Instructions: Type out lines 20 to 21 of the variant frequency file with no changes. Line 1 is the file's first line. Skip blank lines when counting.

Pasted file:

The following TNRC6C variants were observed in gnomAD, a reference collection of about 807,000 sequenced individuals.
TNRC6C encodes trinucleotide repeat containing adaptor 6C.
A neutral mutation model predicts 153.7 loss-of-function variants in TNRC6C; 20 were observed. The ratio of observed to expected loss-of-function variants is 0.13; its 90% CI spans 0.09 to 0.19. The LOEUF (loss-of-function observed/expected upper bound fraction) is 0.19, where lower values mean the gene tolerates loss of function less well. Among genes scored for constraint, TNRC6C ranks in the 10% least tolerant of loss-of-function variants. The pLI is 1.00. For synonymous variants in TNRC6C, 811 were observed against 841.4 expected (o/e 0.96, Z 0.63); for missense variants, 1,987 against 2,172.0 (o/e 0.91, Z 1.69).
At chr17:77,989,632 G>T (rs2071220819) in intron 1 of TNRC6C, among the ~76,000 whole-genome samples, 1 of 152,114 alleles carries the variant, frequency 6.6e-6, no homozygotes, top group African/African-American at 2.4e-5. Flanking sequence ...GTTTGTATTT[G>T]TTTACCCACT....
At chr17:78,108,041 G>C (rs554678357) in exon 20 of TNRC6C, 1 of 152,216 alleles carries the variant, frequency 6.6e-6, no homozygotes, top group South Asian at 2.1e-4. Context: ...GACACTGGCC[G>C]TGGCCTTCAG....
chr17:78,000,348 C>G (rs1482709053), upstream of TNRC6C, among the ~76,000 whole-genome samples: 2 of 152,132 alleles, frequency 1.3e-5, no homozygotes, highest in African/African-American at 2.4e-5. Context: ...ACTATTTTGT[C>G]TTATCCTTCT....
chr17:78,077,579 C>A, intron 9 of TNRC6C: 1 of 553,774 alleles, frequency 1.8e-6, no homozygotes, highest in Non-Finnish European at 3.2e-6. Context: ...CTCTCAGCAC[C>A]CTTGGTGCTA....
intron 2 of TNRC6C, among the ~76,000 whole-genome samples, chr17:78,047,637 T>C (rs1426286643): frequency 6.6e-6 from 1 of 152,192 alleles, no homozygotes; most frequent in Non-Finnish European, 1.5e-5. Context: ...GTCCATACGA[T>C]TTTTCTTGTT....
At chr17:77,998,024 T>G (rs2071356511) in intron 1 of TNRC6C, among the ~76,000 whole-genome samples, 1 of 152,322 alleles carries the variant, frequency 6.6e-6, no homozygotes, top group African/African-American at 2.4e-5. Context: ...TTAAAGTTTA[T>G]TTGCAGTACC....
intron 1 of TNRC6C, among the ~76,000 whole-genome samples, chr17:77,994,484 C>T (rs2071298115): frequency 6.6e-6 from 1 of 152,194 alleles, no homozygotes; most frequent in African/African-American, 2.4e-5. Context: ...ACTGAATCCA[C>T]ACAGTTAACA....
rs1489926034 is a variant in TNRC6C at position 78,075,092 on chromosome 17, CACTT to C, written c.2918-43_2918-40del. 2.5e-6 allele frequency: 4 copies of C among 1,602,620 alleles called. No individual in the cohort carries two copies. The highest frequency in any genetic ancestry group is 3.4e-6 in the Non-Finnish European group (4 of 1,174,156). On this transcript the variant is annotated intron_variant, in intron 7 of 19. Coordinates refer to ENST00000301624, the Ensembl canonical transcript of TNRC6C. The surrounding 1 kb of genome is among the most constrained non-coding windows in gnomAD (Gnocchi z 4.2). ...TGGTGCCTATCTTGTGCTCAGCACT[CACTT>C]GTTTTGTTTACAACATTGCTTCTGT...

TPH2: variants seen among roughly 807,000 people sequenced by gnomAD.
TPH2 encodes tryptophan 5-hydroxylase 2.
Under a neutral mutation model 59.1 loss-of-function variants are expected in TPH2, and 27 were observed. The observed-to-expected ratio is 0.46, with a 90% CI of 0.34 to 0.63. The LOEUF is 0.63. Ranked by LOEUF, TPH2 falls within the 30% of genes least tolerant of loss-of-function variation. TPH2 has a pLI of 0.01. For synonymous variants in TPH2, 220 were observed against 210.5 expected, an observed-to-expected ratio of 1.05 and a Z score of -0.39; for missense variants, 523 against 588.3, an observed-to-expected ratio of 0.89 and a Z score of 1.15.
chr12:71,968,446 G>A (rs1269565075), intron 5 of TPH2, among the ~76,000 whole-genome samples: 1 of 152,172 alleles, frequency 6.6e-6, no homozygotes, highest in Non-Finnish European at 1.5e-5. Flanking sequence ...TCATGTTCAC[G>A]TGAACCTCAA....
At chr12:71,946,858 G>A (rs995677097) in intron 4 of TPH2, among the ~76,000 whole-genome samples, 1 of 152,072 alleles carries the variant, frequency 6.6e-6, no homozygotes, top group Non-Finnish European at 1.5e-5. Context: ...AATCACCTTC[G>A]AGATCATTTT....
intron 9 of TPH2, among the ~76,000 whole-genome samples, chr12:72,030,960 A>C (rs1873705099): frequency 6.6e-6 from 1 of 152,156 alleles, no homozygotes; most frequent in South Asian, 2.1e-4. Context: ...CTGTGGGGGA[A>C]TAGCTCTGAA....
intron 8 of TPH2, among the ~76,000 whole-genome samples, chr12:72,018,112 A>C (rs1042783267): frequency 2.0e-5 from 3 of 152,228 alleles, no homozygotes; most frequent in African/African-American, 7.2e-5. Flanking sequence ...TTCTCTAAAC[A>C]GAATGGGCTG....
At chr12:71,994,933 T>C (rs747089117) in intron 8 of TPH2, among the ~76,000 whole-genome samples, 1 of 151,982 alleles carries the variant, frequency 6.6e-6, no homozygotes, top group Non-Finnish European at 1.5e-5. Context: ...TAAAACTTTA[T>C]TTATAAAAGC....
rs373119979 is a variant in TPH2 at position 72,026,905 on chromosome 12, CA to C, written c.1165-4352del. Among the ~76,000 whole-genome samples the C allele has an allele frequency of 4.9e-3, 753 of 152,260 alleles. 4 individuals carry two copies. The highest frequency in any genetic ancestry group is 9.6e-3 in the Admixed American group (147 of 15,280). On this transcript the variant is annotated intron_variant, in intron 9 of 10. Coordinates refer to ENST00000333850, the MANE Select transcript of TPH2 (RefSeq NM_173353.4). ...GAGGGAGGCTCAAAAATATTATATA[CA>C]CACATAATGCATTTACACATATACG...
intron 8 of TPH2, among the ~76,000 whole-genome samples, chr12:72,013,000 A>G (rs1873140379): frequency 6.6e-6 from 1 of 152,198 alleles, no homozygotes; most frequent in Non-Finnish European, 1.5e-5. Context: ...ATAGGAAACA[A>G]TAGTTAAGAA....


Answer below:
rs373119979 is a variant in TPH2 at position 72,026,905 on chromosome 12, CA to C, written c.1165-4352del. Among the ~76,000 whole-genome samples the C allele has an allele frequency of 4.9e-3, 753 of 152,260 alleles. 4 individuals carry two copies. The highest frequency in any genetic ancestry group is 9.6e-3 in the Admixed American group (147 of 15,280). On this transcript the variant is annotated intron_variant, in intron 9 of 10. Coordinates refer to ENST00000333850, the MANE Select transcript of TPH2 (RefSeq NM_173353.4). ...GAGGGAGGCTCAAAAATATTATATA[CA>C]CACATAATGCATTTACACATATACG...
intron 8 of TPH2, among the ~76,000 whole-genome samples, chr12:72,013,000 A>G (rs1873140379): frequency 6.6e-6 from 1 of 152,198 alleles, no homozygotes; most frequent in Non-Finnish European, 1.5e-5. Context: ...ATAGGAAACA[A>G]TAGTTAAGAA....